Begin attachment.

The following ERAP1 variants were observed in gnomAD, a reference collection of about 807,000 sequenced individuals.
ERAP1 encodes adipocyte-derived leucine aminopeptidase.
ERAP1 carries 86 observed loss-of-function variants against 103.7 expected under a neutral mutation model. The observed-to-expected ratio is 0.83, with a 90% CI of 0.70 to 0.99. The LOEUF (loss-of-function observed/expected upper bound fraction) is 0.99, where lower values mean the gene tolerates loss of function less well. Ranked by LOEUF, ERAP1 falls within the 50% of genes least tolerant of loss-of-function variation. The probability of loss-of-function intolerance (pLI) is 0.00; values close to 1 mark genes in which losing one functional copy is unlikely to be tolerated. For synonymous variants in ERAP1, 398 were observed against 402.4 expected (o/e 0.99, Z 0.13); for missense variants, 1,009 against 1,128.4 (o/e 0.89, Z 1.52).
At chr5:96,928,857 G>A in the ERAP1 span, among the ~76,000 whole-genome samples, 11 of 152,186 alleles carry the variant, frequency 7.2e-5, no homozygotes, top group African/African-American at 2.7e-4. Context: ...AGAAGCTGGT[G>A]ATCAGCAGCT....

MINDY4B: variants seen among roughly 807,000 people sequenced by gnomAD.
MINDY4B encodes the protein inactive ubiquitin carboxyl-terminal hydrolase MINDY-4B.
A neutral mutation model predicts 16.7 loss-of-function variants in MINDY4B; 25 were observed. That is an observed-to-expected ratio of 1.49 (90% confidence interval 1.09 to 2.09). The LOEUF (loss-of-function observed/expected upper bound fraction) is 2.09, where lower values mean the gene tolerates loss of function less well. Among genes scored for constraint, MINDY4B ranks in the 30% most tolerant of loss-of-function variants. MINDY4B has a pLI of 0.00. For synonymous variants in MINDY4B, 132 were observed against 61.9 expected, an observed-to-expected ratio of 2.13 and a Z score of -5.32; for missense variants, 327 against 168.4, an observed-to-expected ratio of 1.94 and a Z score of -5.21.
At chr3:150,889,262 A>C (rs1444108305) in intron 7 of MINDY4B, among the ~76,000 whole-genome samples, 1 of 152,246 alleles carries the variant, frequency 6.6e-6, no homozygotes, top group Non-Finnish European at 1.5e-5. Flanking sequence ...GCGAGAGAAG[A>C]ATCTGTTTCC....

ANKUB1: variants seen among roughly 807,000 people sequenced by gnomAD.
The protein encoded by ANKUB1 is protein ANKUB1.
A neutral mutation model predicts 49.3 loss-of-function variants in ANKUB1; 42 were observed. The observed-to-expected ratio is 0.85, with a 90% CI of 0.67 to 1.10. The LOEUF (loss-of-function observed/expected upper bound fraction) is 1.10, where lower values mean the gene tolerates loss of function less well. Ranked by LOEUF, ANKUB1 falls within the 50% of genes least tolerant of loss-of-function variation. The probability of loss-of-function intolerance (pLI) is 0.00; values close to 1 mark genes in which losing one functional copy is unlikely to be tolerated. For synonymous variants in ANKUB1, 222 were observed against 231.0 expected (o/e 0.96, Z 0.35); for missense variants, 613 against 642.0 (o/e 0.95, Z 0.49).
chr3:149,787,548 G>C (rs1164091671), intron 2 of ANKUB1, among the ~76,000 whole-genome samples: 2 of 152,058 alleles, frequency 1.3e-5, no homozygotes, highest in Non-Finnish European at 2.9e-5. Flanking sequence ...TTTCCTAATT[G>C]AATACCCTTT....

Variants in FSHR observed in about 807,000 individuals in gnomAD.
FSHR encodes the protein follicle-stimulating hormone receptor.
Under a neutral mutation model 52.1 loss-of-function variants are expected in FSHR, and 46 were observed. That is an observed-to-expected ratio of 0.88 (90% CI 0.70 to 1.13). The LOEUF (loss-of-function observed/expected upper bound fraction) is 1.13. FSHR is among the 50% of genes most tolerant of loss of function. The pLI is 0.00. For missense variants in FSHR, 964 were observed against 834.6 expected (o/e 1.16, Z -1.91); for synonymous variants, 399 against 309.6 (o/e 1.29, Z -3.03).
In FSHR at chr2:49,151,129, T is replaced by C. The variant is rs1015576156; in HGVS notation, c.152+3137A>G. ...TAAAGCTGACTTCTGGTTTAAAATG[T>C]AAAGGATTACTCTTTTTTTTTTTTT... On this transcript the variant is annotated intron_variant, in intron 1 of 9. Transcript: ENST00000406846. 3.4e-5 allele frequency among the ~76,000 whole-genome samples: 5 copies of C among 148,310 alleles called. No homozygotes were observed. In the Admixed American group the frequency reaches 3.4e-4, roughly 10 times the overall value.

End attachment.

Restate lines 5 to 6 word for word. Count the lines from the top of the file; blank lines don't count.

MINDY4B: variants seen among roughly 807,000 people sequenced by gnomAD.
MINDY4B encodes the protein inactive ubiquitin carboxyl-terminal hydrolase MINDY-4B.